At the last meeting of the Arrowhead Communities Fire Safe Council, Chris Danyow, contract compliance officer with the county's Hazardous Tree Removal program, said the project "should be a good one.

"It's real visible," he noted, adding they plan to leave a screen near the road.

"When people hear chainsaws on the site, we would like them to be aware that this is a well thought-out program designed for the health of the forest and the overall safety of the public," said Kellems. 

 

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Posted: Thursday, October 27, 2011 9:38 am

One reason the San Bernardino Mountains Land Trust entered into a conservation purchase of an 80-acre portion of the Eagle Ridge property in Lake Arrowhead was the outstanding vigor and beauty of the forest found on the property.

It is recognized to be the most outstanding example of a classic southern Sierran native forest that can be found in the San Bernardino Mountains. The stature and health of the magnificent trees, combined with the diversity of age and proportionate mix of native conifers and oaks, add up to the best of its kind on the mountain, a model of our forest's proud heritage.

"It is also the last remaining open space in the crowded Lake Arrowhead community," said Kevin Kellems, projects manager for the Land Trust. "We have a responsibility to make sure that it is managed for optimum health as well as fire safety."

With the Land Trust's approval, a County of San Bernardino Hazardous Tree Removal contract has been awarded to SCS Timber Resources, a local company formerly based in Oregon and now working out of Running Springs.

Representatives of the Land Trust have made three tours of the property in advance of the project's commencement, which is scheduled to start about the first week in November. The first inspection was led by the Land Trust's forestry advisor, Jim Asher, whose knowledge about this specific site goes back over 40 years.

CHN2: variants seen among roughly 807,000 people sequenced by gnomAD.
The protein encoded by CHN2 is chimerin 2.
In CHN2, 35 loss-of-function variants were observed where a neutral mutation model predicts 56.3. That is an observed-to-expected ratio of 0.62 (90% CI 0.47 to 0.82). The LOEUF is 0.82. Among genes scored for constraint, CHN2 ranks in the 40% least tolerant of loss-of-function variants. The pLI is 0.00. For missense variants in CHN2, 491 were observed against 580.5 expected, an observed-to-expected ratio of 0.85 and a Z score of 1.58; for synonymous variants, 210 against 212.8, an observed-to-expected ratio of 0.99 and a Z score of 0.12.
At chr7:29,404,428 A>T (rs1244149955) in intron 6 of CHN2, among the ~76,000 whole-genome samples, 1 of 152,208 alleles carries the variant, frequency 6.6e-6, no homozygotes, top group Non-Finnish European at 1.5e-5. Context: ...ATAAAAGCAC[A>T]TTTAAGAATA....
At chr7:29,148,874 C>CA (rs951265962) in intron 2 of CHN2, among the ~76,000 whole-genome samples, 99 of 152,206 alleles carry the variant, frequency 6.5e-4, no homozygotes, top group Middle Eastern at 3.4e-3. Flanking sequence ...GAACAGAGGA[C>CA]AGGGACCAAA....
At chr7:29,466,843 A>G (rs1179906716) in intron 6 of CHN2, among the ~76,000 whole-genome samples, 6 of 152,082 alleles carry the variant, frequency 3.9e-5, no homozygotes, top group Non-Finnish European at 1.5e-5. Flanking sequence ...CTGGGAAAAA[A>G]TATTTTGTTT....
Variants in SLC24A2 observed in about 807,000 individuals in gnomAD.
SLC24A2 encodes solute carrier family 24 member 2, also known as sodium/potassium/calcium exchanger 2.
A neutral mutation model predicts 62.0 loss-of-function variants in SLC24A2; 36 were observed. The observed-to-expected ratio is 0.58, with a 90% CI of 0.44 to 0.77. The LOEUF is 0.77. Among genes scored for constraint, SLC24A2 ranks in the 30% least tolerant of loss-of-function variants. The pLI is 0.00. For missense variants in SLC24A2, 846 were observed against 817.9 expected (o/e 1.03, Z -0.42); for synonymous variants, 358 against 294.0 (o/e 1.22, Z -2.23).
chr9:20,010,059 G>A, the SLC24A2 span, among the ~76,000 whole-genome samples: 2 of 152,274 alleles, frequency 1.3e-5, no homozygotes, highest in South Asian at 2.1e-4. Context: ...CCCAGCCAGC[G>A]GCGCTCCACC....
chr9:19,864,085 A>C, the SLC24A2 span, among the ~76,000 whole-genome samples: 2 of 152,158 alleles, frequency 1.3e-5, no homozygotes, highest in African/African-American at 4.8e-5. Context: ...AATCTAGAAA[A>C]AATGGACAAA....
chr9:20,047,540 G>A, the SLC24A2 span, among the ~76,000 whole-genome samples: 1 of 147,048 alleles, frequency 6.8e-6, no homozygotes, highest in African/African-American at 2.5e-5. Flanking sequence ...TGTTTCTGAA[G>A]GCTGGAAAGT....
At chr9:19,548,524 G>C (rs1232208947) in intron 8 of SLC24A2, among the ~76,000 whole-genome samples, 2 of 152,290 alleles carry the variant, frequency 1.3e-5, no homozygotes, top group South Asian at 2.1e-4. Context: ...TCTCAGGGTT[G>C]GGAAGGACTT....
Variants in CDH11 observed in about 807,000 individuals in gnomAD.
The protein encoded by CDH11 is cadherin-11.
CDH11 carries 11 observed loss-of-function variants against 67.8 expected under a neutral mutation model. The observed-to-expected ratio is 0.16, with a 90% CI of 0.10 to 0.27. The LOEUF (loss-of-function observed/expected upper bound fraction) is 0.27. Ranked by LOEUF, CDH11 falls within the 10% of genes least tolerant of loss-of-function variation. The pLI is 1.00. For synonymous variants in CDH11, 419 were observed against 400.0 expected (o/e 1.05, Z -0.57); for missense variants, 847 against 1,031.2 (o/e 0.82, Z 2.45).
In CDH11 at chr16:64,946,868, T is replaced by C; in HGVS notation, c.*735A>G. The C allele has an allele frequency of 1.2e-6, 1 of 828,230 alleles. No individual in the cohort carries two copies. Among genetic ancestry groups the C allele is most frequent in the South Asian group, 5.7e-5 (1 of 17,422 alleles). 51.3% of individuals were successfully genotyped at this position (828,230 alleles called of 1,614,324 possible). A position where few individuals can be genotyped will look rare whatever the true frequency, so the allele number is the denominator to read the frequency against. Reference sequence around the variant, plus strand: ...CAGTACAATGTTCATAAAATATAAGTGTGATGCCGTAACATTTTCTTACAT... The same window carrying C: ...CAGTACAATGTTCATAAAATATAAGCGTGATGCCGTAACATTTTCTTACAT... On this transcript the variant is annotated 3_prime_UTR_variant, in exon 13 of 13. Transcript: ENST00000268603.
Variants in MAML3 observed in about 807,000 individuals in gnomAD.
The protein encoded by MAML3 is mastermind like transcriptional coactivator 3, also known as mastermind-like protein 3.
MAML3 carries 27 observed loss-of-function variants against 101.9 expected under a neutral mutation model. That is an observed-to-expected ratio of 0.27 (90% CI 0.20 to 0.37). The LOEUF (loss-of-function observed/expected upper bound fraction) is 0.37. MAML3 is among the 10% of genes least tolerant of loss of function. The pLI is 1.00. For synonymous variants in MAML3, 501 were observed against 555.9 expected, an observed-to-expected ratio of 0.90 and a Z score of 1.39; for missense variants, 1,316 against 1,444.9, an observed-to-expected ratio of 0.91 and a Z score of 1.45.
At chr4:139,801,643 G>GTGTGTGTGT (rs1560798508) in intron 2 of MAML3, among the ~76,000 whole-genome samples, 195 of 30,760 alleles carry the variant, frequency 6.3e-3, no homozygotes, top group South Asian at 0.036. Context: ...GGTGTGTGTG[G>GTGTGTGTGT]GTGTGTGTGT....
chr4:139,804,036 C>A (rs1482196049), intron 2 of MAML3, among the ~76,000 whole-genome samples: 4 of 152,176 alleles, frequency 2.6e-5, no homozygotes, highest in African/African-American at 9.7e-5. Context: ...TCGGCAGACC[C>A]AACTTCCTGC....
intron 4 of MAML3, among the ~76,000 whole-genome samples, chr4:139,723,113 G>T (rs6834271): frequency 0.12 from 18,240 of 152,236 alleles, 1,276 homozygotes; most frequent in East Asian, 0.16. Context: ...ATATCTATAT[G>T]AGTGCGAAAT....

A second tour was made along with county foresters, Frank Losekoot and Elliott Graham, who explained the basis for the various marked trees and pointed out particular areas where the health of the forest would benefit from the thinning of excess hazardous fuels. The county foresters and Asher were in agreement about the overall advantages of a low-impact mechanical treatment being proposed for the area.

The project involves the removal of mostly dead trees, thickets of underbrush and lower limbs. It is a clearing project that is designed to promote forest health while reducing the potential risk of wildfire.

A third tour was made with the project contractor, Stephen Stockley of SCS Timber Resources, and Roseanne Sconce, the company's administrative manager. During this final tour, specific methods of removal and types of equipment to be used were discussed.

At the last meeting of the Arrowhead Communities Fire Safe Council, Chris Danyow, contract compliance officer with the county's Hazardous Tree Removal program, said the project "should be a good one.

"It's real visible," he noted, adding they plan to leave a screen near the road.

"When people hear chainsaws on the site, we would like them to be aware that this is a well thought-out program designed for the health of the forest and the overall safety of the public," said Kellems.